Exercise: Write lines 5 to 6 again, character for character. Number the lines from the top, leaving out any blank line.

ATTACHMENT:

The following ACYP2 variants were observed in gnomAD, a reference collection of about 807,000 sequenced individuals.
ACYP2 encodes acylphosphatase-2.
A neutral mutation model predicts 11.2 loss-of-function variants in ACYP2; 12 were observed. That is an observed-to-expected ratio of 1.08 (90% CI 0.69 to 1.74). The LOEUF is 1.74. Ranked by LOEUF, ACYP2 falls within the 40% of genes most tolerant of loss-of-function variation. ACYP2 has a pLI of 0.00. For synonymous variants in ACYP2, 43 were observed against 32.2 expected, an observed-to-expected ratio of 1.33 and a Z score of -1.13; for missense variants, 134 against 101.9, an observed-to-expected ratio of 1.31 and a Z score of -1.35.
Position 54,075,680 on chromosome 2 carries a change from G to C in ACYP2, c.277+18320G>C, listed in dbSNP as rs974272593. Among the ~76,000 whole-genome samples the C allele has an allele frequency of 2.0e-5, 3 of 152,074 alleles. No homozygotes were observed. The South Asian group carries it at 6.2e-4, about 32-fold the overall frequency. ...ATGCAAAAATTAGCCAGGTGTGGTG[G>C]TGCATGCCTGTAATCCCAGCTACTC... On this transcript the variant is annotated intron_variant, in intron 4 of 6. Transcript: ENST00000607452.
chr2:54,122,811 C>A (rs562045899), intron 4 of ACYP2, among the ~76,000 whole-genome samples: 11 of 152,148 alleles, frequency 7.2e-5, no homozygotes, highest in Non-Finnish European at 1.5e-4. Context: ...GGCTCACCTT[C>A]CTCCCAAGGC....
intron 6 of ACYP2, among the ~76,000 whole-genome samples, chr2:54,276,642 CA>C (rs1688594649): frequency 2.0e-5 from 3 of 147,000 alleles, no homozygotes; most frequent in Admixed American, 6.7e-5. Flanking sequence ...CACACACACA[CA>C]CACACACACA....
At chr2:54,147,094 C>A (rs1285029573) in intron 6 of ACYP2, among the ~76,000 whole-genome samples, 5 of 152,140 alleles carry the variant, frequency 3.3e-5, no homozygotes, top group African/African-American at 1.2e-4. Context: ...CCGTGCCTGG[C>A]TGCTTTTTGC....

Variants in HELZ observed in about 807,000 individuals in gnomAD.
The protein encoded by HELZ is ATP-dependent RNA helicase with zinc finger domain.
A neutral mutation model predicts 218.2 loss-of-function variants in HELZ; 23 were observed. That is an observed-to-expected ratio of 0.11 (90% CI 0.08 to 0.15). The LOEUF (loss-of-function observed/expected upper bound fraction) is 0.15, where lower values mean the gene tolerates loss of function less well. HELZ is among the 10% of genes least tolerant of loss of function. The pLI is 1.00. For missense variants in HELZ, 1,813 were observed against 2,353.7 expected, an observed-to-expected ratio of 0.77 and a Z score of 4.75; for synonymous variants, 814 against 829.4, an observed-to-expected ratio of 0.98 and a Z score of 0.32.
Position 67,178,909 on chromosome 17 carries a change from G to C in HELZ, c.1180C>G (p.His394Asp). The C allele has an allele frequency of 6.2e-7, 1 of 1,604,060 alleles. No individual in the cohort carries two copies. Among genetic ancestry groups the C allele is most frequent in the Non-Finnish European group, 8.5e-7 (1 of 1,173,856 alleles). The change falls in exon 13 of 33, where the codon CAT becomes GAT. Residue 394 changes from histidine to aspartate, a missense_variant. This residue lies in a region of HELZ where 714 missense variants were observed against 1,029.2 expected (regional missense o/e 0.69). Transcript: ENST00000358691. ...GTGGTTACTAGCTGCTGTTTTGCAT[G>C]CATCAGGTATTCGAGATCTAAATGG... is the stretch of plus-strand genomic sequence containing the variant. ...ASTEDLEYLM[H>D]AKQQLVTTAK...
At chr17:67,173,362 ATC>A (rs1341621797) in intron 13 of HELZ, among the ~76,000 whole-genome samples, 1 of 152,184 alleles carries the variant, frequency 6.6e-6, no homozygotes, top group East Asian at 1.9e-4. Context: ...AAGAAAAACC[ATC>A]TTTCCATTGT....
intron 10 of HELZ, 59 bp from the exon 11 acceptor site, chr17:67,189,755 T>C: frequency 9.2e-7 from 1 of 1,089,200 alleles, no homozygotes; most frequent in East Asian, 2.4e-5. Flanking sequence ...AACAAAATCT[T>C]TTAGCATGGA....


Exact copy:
chr2:54,122,811 C>A (rs562045899), intron 4 of ACYP2, among the ~76,000 whole-genome samples: 11 of 152,148 alleles, frequency 7.2e-5, no homozygotes, highest in Non-Finnish European at 1.5e-4. Context: ...GGCTCACCTT[C>A]CTCCCAAGGC....
intron 6 of ACYP2, among the ~76,000 whole-genome samples, chr2:54,276,642 CA>C (rs1688594649): frequency 2.0e-5 from 3 of 147,000 alleles, no homozygotes; most frequent in Admixed American, 6.7e-5. Flanking sequence ...CACACACACA[CA>C]CACACACACA....